Incidents such as the Crypto.com heist and last year’s Coinbase attack show that multi-factor authentication isn’t enough protection against a determined attacker.
January’s $34 million Crypto.com hack, like last year’s Coinbase attack, focused attention, once again, on the weaknesses of two-factor authentication. Again like Coinbase, Crypto.com responded by tightening its 2FA procedures. But the real problem isn’t the authentication tokens, or even customers’ bad security practices. The problem is that 2FA can’t close the gap that exists when actual people are involved. People will always be hackable – a fundamental fact that enterprises need to accommodate when considering how to protect their most valuable data assets.
The missing factor
Multi-factor authentication (MFA) is a richly mined field these days, with many security researchers and innovators directing their attention to how to improve it. The aim, of course, is to ensure that the person trying to log in to an account is the account owner, by obtaining confirmation beyond just a password or security question. We all know how vulnerable passwords are to brute force attacks and to user laziness – how many users really have unique passwords for every site? Come to that, since password vaults can be exploited by key logging (and strong, unique passwords need to be stored in such a manager, as they can’t be remembered), even unique passwords are vulnerable.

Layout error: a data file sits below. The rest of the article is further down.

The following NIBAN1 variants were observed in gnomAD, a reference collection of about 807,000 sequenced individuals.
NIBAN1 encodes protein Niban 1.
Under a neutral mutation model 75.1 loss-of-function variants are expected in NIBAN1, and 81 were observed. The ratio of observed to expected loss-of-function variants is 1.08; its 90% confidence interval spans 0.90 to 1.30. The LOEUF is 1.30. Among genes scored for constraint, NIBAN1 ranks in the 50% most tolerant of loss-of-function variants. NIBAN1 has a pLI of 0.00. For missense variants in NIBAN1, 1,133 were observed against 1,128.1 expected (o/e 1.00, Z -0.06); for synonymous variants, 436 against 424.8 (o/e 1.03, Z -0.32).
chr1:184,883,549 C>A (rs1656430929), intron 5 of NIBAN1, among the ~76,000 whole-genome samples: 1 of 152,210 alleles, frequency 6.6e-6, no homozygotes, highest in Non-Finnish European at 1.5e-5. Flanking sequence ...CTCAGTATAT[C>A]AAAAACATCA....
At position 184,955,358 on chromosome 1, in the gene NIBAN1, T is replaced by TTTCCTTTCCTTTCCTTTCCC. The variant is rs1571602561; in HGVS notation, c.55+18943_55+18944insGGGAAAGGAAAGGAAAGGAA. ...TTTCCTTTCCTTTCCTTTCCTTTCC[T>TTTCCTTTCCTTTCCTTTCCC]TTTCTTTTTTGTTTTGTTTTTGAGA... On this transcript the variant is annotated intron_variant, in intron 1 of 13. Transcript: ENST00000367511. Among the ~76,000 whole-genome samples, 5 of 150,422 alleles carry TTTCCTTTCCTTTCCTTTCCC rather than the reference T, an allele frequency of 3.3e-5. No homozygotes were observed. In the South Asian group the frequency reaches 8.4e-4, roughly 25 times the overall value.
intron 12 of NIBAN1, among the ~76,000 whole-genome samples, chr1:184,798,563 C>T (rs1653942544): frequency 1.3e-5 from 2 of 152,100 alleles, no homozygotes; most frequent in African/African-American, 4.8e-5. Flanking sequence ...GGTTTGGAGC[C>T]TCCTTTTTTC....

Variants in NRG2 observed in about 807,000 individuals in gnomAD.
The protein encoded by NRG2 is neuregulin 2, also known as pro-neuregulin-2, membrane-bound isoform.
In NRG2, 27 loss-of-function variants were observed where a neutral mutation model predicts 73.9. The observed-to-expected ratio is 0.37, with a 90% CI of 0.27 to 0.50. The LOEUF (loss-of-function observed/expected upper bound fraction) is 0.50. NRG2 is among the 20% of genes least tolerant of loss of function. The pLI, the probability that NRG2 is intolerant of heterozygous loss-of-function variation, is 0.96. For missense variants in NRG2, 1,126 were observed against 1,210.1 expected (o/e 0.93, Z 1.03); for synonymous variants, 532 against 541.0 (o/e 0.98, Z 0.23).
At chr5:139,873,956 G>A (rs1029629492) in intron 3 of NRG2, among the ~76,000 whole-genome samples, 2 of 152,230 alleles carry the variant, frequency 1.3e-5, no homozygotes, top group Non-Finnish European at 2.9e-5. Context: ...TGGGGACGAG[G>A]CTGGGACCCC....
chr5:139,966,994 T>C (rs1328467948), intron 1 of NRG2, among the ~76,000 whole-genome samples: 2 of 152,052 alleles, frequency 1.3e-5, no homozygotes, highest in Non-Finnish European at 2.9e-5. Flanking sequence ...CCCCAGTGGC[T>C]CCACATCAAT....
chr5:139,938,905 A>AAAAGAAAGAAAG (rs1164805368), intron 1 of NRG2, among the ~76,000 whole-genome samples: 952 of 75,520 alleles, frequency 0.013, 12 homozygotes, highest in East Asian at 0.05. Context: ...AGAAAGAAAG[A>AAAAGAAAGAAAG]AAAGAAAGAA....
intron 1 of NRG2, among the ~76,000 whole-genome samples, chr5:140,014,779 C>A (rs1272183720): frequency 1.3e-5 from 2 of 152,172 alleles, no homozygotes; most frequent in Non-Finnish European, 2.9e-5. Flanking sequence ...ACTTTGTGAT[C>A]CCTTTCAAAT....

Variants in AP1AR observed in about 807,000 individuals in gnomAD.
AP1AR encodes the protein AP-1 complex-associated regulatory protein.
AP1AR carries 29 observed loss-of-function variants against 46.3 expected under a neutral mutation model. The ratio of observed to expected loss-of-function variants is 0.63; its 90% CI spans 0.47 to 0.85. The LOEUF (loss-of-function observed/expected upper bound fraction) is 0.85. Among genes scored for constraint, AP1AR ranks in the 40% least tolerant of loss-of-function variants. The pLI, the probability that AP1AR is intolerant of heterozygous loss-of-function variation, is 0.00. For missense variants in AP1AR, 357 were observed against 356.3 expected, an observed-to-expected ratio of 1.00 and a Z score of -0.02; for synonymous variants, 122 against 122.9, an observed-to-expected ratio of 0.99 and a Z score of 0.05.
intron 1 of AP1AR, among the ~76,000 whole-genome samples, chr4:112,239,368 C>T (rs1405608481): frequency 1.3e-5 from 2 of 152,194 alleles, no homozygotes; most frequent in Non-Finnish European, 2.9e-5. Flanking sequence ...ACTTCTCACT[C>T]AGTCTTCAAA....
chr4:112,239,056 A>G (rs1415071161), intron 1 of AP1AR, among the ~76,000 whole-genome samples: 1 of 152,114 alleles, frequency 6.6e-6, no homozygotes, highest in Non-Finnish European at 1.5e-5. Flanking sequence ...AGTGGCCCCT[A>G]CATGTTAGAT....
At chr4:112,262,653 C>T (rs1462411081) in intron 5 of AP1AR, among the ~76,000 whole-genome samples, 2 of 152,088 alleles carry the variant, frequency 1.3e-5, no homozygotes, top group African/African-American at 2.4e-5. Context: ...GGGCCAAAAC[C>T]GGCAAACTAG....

So a password clearly isn’t enough to establish user identity, and that’s where multiple factors come into play. On the MFA principle, an attacker would need to obtain not only a user’s login credentials, but also their second device, to gain account access; outside a Hollywood thriller, it’s not likely that a hacker would be able to steal that particular phone, nor would a mugger who stole the phone have the owner’s passwords. MFA is a broad concept, encompassing everything from SMS confirmation codes to biometrics and devices such as smart cards that must be inserted into a company laptop.
There are even companies investigating passive MFA approaches, which could improve user convenience and security in one move. If the necessary confirmation were obtained by matching background audio input from a user’s phone to that from their computer, it would surely be far harder to pretend to be the owner of that account.
All of which is fair enough, as far as it goes. Unfortunately, as the headlines show, it doesn’t go far enough.
MFA can’t stop scammers
Multifactor authentication is often touted as a solution to phishing, which is still on the rise. But it’s far from bulletproof. These days, luring marks to a fake login site is just one tactic among many, often more sophisticated social engineering strategies. For instance, SIM swap attacks target employees at telecom providers, convincing them to transfer a phone number to the attacker’s device – which of course then allows them to intercept MFA confirmation codes.
The crypto and NFT community has seen a rash of such scams. Between cryptocurrency users having their wallets drained through SIM swaps, and NFT artists being lured by the promise of a sale into downloading malware that gave the attackers access to their accounts, the lesson here is that humans will always be the weak point in your security strategy.